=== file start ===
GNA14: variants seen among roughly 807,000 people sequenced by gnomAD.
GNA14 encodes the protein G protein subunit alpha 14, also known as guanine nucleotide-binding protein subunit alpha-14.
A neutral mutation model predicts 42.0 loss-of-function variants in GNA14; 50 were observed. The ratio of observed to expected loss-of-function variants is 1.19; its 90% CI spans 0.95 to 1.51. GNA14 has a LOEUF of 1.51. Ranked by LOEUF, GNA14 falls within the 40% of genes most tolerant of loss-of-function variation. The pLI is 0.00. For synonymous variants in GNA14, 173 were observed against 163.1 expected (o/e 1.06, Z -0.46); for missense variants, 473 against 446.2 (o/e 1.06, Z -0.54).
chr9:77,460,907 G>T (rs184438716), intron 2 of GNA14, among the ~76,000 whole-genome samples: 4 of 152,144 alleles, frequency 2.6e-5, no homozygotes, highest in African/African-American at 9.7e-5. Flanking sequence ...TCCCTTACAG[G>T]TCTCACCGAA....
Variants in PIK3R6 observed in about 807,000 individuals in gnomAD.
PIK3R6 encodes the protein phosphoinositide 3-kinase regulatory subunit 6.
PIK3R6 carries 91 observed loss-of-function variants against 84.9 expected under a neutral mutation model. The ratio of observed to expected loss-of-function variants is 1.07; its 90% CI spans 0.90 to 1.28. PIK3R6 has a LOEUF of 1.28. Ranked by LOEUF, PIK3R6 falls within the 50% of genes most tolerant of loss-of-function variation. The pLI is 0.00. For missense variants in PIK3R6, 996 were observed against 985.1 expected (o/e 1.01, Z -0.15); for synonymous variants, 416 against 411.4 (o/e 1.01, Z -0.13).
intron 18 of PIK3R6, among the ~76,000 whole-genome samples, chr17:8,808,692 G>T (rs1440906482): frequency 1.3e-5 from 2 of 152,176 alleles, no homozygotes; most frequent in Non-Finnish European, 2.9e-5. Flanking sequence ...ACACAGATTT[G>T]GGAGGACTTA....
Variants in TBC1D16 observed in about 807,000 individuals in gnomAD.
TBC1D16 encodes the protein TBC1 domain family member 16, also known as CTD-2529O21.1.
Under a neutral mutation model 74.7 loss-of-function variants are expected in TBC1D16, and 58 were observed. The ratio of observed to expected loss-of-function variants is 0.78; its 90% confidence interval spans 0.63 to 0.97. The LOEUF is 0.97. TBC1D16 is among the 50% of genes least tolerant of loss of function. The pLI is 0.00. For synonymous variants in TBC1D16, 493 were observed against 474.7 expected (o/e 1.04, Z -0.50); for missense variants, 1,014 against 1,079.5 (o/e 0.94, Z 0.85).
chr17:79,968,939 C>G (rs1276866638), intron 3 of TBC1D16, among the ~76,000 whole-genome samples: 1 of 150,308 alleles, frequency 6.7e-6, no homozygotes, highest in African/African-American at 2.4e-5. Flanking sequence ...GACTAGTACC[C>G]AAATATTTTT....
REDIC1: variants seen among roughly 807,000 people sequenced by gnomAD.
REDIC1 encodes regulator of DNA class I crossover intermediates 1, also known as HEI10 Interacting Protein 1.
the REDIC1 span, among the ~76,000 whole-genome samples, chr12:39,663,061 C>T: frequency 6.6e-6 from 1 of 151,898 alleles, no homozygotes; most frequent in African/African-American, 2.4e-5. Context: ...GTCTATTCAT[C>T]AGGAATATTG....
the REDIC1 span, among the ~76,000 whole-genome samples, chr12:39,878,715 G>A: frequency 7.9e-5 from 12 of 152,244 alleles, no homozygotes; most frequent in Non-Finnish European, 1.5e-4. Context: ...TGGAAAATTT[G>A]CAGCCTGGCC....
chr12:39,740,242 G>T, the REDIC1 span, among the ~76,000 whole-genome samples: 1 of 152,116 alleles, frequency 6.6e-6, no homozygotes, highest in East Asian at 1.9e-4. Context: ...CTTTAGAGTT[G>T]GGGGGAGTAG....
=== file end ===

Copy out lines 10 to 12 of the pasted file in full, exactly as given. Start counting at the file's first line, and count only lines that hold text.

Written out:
TBC1D16 encodes the protein TBC1 domain family member 16, also known as CTD-2529O21.1.
Under a neutral mutation model 74.7 loss-of-function variants are expected in TBC1D16, and 58 were observed. The ratio of observed to expected loss-of-function variants is 0.78; its 90% confidence interval spans 0.63 to 0.97. The LOEUF is 0.97. TBC1D16 is among the 50% of genes least tolerant of loss of function. The pLI is 0.00. For synonymous variants in TBC1D16, 493 were observed against 474.7 expected (o/e 1.04, Z -0.50); for missense variants, 1,014 against 1,079.5 (o/e 0.94, Z 0.85).
chr17:79,968,939 C>G (rs1276866638), intron 3 of TBC1D16, among the ~76,000 whole-genome samples: 1 of 150,308 alleles, frequency 6.7e-6, no homozygotes, highest in African/African-American at 2.4e-5. Flanking sequence ...GACTAGTACC[C>G]AAATATTTTT....